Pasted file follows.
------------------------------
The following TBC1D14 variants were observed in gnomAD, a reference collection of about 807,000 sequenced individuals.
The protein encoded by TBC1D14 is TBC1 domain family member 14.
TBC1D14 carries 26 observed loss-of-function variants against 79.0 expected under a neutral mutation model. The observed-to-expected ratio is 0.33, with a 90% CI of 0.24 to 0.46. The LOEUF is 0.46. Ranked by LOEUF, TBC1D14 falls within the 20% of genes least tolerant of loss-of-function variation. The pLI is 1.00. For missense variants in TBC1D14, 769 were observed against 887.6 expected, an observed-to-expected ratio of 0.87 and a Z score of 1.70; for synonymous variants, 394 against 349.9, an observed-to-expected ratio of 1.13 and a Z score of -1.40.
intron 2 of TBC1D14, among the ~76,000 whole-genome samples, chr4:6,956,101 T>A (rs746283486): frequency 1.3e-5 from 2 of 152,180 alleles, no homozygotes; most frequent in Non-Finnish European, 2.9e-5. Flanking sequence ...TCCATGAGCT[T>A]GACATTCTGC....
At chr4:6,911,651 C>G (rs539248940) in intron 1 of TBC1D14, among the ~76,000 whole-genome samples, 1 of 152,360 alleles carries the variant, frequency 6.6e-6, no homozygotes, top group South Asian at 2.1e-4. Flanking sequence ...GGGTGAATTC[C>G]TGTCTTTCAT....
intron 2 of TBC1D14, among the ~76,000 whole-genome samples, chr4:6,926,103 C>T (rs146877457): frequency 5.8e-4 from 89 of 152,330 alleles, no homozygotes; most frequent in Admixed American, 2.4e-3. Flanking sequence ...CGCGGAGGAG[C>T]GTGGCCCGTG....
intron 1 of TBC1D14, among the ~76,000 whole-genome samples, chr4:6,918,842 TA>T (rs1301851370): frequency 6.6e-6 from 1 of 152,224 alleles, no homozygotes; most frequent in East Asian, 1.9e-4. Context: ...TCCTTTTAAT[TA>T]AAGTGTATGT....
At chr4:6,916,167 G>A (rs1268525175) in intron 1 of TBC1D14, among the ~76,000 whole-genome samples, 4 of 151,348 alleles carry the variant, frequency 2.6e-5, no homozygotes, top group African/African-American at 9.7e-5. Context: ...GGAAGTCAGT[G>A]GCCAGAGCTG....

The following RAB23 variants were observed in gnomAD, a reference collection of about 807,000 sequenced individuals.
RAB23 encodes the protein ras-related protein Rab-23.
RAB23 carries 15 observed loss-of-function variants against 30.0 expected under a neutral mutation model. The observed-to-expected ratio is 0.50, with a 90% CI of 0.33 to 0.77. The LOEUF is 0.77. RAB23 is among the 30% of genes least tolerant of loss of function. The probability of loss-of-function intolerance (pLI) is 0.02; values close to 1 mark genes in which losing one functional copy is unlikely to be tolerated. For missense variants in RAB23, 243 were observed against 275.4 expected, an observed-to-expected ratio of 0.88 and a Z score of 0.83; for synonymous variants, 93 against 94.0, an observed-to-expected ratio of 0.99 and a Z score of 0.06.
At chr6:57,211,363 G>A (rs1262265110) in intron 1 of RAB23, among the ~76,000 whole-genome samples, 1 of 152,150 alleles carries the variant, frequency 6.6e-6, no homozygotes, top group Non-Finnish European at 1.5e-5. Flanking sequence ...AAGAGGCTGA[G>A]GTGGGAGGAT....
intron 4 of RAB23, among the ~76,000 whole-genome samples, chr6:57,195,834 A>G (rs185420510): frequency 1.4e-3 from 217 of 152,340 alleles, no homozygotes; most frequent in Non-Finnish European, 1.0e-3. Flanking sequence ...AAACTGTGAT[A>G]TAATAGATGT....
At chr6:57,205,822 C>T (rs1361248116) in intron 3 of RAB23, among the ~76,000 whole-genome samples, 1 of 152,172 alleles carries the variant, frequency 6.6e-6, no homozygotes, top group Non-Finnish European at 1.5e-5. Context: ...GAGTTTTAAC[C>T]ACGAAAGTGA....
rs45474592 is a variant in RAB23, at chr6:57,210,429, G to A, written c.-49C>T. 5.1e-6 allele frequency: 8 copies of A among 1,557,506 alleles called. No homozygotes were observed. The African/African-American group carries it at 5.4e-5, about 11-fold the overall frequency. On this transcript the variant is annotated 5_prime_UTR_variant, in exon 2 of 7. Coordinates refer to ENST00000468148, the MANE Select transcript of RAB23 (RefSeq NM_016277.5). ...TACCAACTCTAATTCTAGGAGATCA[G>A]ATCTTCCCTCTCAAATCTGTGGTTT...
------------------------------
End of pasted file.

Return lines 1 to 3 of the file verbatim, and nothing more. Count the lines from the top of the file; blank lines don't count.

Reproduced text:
The following TBC1D14 variants were observed in gnomAD, a reference collection of about 807,000 sequenced individuals.
The protein encoded by TBC1D14 is TBC1 domain family member 14.
TBC1D14 carries 26 observed loss-of-function variants against 79.0 expected under a neutral mutation model. The observed-to-expected ratio is 0.33, with a 90% CI of 0.24 to 0.46. The LOEUF is 0.46. Ranked by LOEUF, TBC1D14 falls within the 20% of genes least tolerant of loss-of-function variation. The pLI is 1.00. For missense variants in TBC1D14, 769 were observed against 887.6 expected, an observed-to-expected ratio of 0.87 and a Z score of 1.70; for synonymous variants, 394 against 349.9, an observed-to-expected ratio of 1.13 and a Z score of -1.40.